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“Too much power in too few hands: Food giants take over the industry”.

This was one of the headlines a national newspaper was using on Sunday to capture its readers attention. The feature the headline was preceeding was dealing with the conclusions of a new report that warns control over food markets worldwide is concentrated in the hands of a few multinationals, which has a dramatic impact on consumers and food producers across the world.

Of course, there was nothing new on the message, but the text could not have been more timely. After having spent the whole weekend in Solihull at the National Retail Consumer Conference, I could not avoid thinking of one of the sessions I had attended: on Sunday morning, president of the ICA Dame Pauline Green had talked about food crisis in Africa as an example of the global challenges co-operatives can help to tackle.

According to the Blueprint for a Co-operative Decade -whose final version the ICA has just approved-, a Stanford University study has found that new technologies can improve agricultural sustainability in developing countries, but only with the engagement of local farmers and the social and economic networks they depend on. That is, innovation needs the support of participatory institutions to work and technogy is therefore useless without the people who are behind it.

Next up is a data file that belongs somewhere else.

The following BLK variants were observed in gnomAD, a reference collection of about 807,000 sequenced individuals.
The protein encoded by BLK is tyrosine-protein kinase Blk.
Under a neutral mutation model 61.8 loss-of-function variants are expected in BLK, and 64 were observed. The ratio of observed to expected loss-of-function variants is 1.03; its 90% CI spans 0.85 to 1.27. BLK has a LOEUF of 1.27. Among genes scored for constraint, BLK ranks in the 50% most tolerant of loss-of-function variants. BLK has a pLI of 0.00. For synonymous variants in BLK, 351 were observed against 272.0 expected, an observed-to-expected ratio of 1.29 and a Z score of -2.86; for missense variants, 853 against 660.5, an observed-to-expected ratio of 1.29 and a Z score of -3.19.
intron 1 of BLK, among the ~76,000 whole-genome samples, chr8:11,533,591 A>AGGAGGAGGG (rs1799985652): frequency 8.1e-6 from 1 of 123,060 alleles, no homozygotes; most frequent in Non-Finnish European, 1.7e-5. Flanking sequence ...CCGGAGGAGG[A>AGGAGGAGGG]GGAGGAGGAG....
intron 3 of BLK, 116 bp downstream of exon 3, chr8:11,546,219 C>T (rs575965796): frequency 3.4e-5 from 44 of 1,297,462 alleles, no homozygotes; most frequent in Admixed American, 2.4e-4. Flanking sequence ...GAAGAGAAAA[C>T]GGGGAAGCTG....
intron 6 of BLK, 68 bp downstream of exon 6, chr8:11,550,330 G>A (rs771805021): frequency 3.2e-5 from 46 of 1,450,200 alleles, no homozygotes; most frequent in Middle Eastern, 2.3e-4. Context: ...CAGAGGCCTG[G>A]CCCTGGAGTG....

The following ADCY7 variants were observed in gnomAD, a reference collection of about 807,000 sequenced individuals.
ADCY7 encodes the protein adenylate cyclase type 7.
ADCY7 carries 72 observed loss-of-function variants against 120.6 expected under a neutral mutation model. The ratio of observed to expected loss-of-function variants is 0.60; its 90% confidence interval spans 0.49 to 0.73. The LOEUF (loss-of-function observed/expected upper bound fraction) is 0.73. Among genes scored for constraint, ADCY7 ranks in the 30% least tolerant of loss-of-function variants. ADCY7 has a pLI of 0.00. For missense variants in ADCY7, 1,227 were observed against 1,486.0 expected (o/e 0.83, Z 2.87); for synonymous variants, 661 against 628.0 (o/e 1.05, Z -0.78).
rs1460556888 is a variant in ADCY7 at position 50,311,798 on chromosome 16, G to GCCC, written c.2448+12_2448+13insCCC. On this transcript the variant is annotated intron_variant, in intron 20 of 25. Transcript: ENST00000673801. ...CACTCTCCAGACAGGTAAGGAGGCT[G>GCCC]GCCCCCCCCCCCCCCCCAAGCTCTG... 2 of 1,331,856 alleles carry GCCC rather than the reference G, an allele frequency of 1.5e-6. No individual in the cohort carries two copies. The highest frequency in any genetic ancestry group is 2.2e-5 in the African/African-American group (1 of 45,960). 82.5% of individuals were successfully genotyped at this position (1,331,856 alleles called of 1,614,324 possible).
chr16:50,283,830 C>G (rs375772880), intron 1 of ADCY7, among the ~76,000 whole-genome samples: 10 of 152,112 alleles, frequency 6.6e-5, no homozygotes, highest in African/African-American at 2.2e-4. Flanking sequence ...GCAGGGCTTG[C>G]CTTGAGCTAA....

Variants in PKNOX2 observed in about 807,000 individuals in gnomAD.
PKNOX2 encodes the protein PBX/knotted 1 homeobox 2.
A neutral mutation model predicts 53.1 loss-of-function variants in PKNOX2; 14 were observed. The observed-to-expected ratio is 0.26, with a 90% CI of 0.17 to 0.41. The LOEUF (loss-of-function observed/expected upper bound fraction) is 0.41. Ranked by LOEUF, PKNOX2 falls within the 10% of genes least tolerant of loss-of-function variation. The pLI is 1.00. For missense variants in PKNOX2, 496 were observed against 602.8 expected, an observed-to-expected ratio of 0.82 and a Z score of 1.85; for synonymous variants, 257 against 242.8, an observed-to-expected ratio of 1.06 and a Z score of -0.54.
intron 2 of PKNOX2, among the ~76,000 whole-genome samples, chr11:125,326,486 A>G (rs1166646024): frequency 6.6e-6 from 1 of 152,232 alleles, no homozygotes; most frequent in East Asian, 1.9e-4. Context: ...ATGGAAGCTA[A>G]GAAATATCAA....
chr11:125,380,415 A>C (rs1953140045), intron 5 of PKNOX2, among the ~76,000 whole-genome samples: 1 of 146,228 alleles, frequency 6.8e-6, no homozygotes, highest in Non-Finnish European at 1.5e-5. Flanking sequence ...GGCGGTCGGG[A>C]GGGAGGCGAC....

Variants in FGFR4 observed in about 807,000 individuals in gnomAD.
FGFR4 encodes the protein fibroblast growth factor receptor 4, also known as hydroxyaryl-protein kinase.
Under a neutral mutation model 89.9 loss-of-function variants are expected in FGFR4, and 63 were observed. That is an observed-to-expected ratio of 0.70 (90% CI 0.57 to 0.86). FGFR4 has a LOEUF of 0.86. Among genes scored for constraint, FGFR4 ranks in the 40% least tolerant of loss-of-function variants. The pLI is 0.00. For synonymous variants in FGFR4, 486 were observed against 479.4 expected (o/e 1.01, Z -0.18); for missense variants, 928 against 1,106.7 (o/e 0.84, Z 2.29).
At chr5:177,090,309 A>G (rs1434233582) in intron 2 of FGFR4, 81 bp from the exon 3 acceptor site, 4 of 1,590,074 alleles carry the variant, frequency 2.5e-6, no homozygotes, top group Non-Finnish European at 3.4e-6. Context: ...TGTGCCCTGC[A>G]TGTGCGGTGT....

The message Dame Pauline Green sent on Sunday was based on that idea. In front on an audience of eager co-operators, the President of the ICA was demanding a redefinition of the concept of sustainability. She claimed sustainability should not be understood just in terms of economic efficiency only but must include its environmental and social dimensions. “The co-operative model has not been acknowledged as an efficient model”, she pointed out. However, what would happened if we were to look at social cohesion and the responsible use of natural resources?

People-centred organisations are more resilient and contribute to economic and social stability; co-operatives improve levels of trust and democratic participation; they look after the world around them and work to minimise the impact of their activity on the environment. That’s sustainability., The co-operative  movement has follow these principles since it was founded in 1844 and therefore it cannot be measured against old-fashioned standards of efficiency and growth. Co-operatives are builders of sustainability, in the widest sense of the word, and they are key to ensure we sort out our own mess. After all, as Dame Pauline Green said to start her presentation: “we are not the largest movement in the world, but we have a disproportionate influence on what happens around the globe”.

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